Retro Robo(Cop)

May 14, 22:11 by IROSF
A thread to discuss the merits of RoboCop -- or the strange confluence of actors reconverging on 24.

Daniel M. Kimmel's article can be found here.
May 15, 19:55 by Steven Francis Murphy
Robocop has always been a favorite of mine (not because the protaganist was named Murphy). But I see Murphy's plight as humanity overcoming adversity, not one of exploitation and devaluation. Murphy as Robocop does go on to find a new family.

He adjusts, he adapts and he overcomes even his programing to follow his own moral code (warp though we may view it).

I don't know that I see this film as a sign of the future per se. I simply see it as a human overcoming technology.

Respects,
S. F. Murphy
May 16, 03:36 by Daniel M. Kimmel
Perhaps he finds a family in the sequels or the TV series, but I was considering this film by itself. At the end he's a cyborg who acknowledged his human past, and has not yet reclaimed it.
May 16, 10:08 by Adrian Simmons
Considering he just had body language and (for about the first half of the movie) the lower half of his face, Peter Weller did a fantastic job of conveying emotion and non emotion. It's an even trickier play during the second half of the movie, when he's got his whole face, but mostly keeps a vacant look on it, with the occasional hints of anger or profound sadness.

Kirkwood Smith, on the other hand, has to make up for Murphy's lack of animation, and he does so in spades! In fact, I can't watch "That 70s Show" without expecting Red to pull out a gun, kneecap Fez, then drop a live grenade into the basement to watch the kids scramble.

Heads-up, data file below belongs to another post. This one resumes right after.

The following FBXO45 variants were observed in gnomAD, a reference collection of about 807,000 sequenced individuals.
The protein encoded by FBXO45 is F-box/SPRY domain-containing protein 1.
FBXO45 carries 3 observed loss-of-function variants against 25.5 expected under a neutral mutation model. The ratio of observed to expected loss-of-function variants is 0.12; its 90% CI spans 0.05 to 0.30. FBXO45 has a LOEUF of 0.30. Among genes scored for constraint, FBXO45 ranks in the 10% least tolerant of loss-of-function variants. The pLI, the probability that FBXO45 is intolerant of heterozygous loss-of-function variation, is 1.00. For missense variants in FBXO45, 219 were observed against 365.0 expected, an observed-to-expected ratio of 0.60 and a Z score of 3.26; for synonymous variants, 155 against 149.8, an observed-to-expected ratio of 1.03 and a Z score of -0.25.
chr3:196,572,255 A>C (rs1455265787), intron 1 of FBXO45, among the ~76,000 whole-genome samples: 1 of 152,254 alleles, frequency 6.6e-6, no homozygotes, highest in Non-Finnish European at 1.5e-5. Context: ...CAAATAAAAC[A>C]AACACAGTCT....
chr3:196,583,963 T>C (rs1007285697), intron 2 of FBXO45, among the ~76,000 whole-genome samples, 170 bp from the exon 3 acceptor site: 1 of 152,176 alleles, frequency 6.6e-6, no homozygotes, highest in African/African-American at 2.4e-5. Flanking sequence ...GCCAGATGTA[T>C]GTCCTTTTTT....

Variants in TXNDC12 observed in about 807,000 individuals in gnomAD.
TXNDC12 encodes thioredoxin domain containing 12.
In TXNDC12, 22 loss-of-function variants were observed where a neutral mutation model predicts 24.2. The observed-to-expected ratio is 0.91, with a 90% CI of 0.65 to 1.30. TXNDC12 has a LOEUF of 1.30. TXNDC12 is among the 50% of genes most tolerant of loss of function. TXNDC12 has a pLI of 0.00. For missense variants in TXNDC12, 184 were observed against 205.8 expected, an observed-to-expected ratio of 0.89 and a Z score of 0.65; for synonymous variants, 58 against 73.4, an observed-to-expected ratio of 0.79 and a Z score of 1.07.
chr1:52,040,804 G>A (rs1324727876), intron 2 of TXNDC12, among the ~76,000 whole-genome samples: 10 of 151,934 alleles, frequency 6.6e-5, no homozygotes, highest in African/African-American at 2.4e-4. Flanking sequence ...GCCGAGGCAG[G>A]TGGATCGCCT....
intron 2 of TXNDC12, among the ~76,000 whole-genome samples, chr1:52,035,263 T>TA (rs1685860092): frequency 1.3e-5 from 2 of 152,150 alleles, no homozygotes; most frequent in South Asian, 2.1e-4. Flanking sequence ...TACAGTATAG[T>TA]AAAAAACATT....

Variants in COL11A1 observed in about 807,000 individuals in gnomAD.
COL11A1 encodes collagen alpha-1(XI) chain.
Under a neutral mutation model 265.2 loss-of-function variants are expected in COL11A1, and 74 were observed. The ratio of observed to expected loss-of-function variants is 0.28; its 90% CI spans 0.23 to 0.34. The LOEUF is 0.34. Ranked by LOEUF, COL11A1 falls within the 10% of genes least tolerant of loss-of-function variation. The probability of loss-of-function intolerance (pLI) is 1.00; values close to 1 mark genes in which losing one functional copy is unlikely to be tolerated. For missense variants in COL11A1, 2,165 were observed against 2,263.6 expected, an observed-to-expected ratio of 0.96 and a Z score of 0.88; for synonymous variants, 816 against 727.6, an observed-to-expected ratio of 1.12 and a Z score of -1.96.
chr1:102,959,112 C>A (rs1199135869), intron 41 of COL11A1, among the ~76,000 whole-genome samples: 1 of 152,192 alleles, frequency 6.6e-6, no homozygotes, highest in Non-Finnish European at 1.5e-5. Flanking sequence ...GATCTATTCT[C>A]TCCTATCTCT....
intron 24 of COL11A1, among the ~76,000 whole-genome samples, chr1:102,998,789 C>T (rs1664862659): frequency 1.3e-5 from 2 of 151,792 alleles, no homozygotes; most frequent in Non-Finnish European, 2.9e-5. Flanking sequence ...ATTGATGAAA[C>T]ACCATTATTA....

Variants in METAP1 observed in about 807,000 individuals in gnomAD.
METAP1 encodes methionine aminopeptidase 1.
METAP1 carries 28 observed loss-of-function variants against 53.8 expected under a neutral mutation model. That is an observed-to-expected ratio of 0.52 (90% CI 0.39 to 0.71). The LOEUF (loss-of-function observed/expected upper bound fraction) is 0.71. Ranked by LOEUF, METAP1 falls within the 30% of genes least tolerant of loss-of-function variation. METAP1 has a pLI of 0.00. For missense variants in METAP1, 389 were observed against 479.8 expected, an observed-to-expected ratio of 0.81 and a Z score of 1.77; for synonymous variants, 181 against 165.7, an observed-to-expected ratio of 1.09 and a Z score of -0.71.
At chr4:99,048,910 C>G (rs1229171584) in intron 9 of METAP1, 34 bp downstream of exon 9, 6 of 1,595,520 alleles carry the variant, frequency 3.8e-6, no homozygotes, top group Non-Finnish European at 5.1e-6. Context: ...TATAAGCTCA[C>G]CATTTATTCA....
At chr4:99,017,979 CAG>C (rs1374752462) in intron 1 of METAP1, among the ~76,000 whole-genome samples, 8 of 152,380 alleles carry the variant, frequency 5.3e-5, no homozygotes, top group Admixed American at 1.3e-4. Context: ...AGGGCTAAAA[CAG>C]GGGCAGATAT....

May 17, 00:45 by Montgomery Cantsin
Paul Verhoeven, the director, also appears to be commenting on the American criminal system. For Robocop to become such an icon just goes to show how far he succeeded.
May 19, 06:41 by Nader Elhefnawy
I'm glad to see a piece about Robocop here. The film was unique in its treatment not only of the issue of consciousness, but privatization. While the sequels were comparatively silly (and their handling of Murphy's identity issues just an inferior repetition of what the first film did), their satirization of the economic and social issues raised by Omnicorp and the building of New Detroit was very clever and funny, if over-the-top.
May 19, 06:41 by Nader Elhefnawy
I think that would be the best episode of "That 70s Show" ever.
May 19, 11:08 by Bluejack
I'm with you all on that 70's show! I'd pay good money to see that.
May 21, 12:49 by Garen Daly
One prescient theme in ROBOCOP is how myopic a corporation's vision is, especially when it comes to creating products for the military. Bob Morton's complaint about Robocop wasn't merely it's unholy merging of man and machine, but how ED209 was designed to supply the military. This was to be an income stream for generations. The thesis posited is simple. Military suppliers are less interested in what they are supplying, but how long, and hence how much money they can make, by providing the 'service'.

We need only to look at Halliburton and the other companies 'working' in Iraq. Reports of shoddy construction, malfunctioning equipment and siphoned off millions, should remind us all, corporations serve one master - their bottom line and the bottom line doesn't particularly like, or dislike, humans.
May 21, 13:19 by Robert Urell
You want prescient themes of corporate myopia, read Melville's BARTLEBY THE SCRIVENER. That's prescience. As for ROBOCOP, well, if I saw the DVD in the bin at Walmart, I'd buy that for a dollar....
Nov 26, 22:05 by Daniel M. Kimmel
Here's a P.S. to this essay:

Add Kurtwood Smith to the actors who were in "Robocop" who went on to appear on "24." From the preview seen during the recent two hour telefilm, it seems he plays a senator who has Jack appear before his committee to answer questions about torture.

How timely...
   

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